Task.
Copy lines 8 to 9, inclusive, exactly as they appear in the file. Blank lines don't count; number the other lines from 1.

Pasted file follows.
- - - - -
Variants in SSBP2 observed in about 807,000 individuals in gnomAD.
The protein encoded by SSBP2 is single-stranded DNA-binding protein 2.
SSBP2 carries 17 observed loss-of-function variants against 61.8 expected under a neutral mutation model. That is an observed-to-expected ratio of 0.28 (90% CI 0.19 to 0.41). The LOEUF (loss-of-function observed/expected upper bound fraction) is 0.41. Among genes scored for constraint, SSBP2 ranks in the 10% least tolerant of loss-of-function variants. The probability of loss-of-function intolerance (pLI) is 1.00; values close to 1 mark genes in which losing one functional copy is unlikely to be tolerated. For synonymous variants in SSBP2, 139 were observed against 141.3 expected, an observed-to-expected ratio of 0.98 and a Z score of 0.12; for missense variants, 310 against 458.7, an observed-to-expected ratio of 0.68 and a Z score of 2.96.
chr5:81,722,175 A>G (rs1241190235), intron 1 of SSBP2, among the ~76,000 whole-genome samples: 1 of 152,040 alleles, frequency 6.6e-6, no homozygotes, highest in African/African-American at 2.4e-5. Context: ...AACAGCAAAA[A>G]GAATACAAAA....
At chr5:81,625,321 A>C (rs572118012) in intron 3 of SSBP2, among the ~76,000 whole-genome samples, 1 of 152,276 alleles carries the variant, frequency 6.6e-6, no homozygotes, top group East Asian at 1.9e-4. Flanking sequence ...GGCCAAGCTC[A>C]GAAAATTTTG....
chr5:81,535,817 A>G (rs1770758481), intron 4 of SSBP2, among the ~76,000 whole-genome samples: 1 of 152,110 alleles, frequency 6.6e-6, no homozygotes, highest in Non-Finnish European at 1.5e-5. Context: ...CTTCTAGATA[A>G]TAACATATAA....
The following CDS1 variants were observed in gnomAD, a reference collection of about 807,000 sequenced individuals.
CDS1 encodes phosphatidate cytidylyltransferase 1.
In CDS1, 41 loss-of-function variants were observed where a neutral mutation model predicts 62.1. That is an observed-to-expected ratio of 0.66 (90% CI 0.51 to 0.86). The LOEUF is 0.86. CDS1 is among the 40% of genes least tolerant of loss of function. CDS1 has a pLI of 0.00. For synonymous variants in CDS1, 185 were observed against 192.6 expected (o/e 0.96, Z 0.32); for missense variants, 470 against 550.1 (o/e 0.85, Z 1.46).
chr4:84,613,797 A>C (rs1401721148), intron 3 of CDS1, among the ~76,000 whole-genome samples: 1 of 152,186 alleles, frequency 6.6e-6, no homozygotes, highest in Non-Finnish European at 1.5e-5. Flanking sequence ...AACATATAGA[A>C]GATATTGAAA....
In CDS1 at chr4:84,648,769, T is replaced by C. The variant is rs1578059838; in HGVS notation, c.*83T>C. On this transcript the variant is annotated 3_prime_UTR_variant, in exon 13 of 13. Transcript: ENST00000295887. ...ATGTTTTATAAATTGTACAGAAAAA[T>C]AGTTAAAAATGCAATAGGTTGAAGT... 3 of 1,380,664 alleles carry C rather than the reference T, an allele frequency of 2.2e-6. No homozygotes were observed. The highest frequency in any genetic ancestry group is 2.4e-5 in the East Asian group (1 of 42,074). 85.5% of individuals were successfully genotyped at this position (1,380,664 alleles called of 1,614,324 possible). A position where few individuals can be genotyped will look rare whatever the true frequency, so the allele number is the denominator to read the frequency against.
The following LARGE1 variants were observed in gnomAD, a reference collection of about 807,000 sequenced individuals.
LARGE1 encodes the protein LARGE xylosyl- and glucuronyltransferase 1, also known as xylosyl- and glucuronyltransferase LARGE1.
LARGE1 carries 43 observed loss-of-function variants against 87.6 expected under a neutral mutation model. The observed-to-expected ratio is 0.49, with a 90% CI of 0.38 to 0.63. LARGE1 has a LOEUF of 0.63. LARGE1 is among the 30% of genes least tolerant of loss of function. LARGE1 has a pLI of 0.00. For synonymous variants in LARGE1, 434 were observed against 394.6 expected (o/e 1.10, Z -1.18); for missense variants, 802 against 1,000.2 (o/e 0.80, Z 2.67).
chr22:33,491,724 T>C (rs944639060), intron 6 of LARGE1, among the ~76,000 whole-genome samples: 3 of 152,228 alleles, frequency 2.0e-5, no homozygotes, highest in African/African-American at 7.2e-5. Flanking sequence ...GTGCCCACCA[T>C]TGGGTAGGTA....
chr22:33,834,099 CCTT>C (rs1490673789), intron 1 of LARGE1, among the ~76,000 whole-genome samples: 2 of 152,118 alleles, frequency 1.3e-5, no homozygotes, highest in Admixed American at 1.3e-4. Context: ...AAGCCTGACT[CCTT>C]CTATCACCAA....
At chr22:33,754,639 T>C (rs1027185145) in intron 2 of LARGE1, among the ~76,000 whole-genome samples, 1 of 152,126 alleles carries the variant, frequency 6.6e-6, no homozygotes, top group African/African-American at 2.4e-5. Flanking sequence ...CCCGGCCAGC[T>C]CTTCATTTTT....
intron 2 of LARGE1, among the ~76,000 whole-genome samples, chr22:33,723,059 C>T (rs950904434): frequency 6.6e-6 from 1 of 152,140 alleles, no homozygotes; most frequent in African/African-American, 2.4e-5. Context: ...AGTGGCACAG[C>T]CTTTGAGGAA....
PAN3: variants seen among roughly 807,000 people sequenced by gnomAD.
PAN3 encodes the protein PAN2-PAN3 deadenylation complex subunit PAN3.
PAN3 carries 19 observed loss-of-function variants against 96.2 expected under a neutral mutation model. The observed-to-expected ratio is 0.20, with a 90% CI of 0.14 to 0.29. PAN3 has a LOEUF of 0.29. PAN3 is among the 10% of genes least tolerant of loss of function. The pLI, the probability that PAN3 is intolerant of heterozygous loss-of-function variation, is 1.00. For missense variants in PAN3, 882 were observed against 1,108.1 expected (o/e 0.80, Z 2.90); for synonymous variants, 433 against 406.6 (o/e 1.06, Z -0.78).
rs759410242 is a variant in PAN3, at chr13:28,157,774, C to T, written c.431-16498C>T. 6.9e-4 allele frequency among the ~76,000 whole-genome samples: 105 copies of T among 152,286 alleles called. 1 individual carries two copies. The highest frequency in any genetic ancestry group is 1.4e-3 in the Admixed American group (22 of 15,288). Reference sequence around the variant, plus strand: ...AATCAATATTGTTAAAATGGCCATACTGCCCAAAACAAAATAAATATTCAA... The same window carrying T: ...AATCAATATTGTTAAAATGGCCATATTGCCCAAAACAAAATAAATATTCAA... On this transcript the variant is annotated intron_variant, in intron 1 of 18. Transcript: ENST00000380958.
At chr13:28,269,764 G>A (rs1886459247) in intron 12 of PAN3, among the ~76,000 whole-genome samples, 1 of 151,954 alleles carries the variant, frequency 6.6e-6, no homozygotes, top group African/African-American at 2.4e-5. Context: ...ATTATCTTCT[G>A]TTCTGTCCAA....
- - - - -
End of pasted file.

CDS1 encodes phosphatidate cytidylyltransferase 1.
In CDS1, 41 loss-of-function variants were observed where a neutral mutation model predicts 62.1. That is an observed-to-expected ratio of 0.66 (90% CI 0.51 to 0.86). The LOEUF is 0.86. CDS1 is among the 40% of genes least tolerant of loss of function. CDS1 has a pLI of 0.00. For synonymous variants in CDS1, 185 were observed against 192.6 expected (o/e 0.96, Z 0.32); for missense variants, 470 against 550.1 (o/e 0.85, Z 1.46).